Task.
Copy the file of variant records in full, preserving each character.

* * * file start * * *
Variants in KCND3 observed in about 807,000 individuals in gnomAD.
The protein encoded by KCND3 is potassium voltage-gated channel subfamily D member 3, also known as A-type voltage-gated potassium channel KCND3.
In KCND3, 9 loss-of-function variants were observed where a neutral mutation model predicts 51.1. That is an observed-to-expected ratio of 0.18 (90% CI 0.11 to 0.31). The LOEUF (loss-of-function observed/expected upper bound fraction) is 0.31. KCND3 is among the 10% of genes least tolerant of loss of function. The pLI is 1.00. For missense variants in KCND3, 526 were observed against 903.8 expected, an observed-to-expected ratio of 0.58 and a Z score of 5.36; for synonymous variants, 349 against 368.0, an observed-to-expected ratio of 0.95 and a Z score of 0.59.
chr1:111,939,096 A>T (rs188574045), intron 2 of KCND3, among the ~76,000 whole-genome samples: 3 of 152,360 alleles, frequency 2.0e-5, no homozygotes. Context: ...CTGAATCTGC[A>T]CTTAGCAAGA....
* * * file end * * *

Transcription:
Variants in KCND3 observed in about 807,000 individuals in gnomAD.
The protein encoded by KCND3 is potassium voltage-gated channel subfamily D member 3, also known as A-type voltage-gated potassium channel KCND3.
In KCND3, 9 loss-of-function variants were observed where a neutral mutation model predicts 51.1. That is an observed-to-expected ratio of 0.18 (90% CI 0.11 to 0.31). The LOEUF (loss-of-function observed/expected upper bound fraction) is 0.31. KCND3 is among the 10% of genes least tolerant of loss of function. The pLI is 1.00. For missense variants in KCND3, 526 were observed against 903.8 expected, an observed-to-expected ratio of 0.58 and a Z score of 5.36; for synonymous variants, 349 against 368.0, an observed-to-expected ratio of 0.95 and a Z score of 0.59.
chr1:111,939,096 A>T (rs188574045), intron 2 of KCND3, among the ~76,000 whole-genome samples: 3 of 152,360 alleles, frequency 2.0e-5, no homozygotes. Context: ...CTGAATCTGC[A>T]CTTAGCAAGA....